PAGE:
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Taking Care of Yourself

By: Jonathan Hedley - Updated: 18 Sep 2012 | comments*Discuss
 
Advice Travelling Alone Personal

Going off and travelling alone can be a very liberating experience as well as a great exercise in personal development and a resounding statement of independence. But it's not just about vainly trying your luck against the challenges that lie ahead. It's a steep learning curve that we attempt to scale when we set off on an adventure alone for the first time and the thrill of achieving such a goal does not come lightly.

Certain qualities are required of a lone traveller to enable him or her to get by safely, securely and, as it says on your passport, 'without let or hindrance'. Although a British passport is enough to get you into most countries, it'll take more than a polite request from Her Majesty for you to have an all round successful trip. Common sense and an acute sense of personal responsibility are also essential.

Familiarise Yourself with Your Surroundings

Doing as much research as you can squeeze into your life before you go helps to reap great rewards later on. Learning about your destination(s) allows you to have a good idea of what to expect and therefore a solid foundation on which to begin your adventure. Learning about the fundamental cultural differences is essential, and learning a few words of the language doesn't go amiss either.

Getting lost can open the door to an even more eventful adventure than you bargained for, but it can often happen at the most inopportune times. A good map is invaluable and so is some knowledge of the public transport system.

The former can be found online, courtesy of Google, and printed off before you get there, but most big cities offer tourist maps for free that can be found in brochures and the like in public areas like the train station. The latter can be more tricky to master, but here's where you make use of tourist information services and again, online research.

Being well organised and pre-empting problems such as transport strikes by giving yourself lots of time can save you from missing planes and trains. Of course, some of us are naturally more organised than others, but at least bearing in mind that surprises are invariably in store gives you a head start.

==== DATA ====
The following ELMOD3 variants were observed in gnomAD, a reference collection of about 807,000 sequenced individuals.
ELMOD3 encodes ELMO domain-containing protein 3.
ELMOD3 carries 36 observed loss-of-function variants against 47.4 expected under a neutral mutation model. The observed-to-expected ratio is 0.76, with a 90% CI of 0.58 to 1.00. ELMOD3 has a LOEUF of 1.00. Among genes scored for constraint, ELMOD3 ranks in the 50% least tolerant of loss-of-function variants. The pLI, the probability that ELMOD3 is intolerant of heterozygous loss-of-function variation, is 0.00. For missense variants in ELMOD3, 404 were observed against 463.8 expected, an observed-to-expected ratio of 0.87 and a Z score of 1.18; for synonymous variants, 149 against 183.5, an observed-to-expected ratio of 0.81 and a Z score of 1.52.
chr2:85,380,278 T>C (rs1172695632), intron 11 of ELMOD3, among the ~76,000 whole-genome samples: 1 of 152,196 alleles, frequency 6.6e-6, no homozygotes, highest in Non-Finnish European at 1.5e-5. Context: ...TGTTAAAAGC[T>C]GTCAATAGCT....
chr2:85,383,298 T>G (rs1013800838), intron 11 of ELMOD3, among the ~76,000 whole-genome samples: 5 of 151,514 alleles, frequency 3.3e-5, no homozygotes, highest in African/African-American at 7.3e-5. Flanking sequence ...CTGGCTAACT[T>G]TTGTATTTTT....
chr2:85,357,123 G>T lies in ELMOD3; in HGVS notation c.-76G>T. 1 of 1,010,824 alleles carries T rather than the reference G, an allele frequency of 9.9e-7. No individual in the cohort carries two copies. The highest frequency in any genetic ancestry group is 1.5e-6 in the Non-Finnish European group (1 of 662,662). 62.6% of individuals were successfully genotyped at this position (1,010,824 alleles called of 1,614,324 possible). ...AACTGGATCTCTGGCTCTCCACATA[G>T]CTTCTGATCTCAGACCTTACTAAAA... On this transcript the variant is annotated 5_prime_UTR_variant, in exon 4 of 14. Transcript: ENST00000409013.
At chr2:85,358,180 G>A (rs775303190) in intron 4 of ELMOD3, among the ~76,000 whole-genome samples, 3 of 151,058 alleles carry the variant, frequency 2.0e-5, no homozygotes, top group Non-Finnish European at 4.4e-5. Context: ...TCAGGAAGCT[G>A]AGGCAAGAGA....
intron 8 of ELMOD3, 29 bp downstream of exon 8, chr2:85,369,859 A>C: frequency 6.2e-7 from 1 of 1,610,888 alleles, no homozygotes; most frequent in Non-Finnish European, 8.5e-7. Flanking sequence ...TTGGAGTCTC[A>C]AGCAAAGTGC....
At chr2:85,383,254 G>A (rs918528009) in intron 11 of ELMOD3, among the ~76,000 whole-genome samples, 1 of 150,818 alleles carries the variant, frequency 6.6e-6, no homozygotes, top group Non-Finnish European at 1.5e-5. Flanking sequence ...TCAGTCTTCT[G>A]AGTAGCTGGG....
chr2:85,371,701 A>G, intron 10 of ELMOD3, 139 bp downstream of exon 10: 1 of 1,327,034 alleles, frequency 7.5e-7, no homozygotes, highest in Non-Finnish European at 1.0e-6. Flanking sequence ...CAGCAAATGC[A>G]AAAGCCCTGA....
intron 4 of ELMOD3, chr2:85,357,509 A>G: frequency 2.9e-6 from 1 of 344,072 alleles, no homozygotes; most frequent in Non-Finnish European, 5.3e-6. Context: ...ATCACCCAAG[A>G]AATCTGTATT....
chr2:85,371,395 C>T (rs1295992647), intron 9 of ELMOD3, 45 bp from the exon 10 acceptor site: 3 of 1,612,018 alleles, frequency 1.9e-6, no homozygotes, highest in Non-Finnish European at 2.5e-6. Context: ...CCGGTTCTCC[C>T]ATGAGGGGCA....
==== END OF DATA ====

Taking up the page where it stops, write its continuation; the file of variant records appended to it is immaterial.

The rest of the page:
Staying on the Ball

You're out to have a good time, of course, but remember that as a tourist you are a target for thieves and muggers and sometimes worse things. Getting excessively intoxicated with alcohol or other substances makes you extremely vulnerable, not to mention the fact that it's dimly looked upon by most other cultures. Binge-drinking is a typically British trait, and apart from emphasising a negative stereotype it doesn't do you any favours with authorities in foreign countries. Penalties for flirtation with illegal substances can be more severe outside of Europe too.

Another unfortunate British characteristic is violent and aggressive behaviour. If you are the type of person that has been known to pick up a few battle scars out on the town now and again, it's advisable to make a special effort to keep this aspect of your personality under control. Remember you're on foreign ground and there's nothing that makes people - and the police - more fiercely patriotic that the sight of one of their own taking a beating from a stranger.

It's often the case in other cultures, that a shouting match does not come to blows in the way that it might in a busy city centre in Britain on a Saturday night. If you do happen to get into a disagreement with a local, stay calm and do not lash out first.

Taking care of yourself while travelling abroad on your own encompasses many things, from protecting yourself from harm to staying healthy, from staying out of trouble to avoiding being robbed. How to go about it begins with your own self-awareness, followed by some thorough preparation, and rounded off with a nice helping of common sense.

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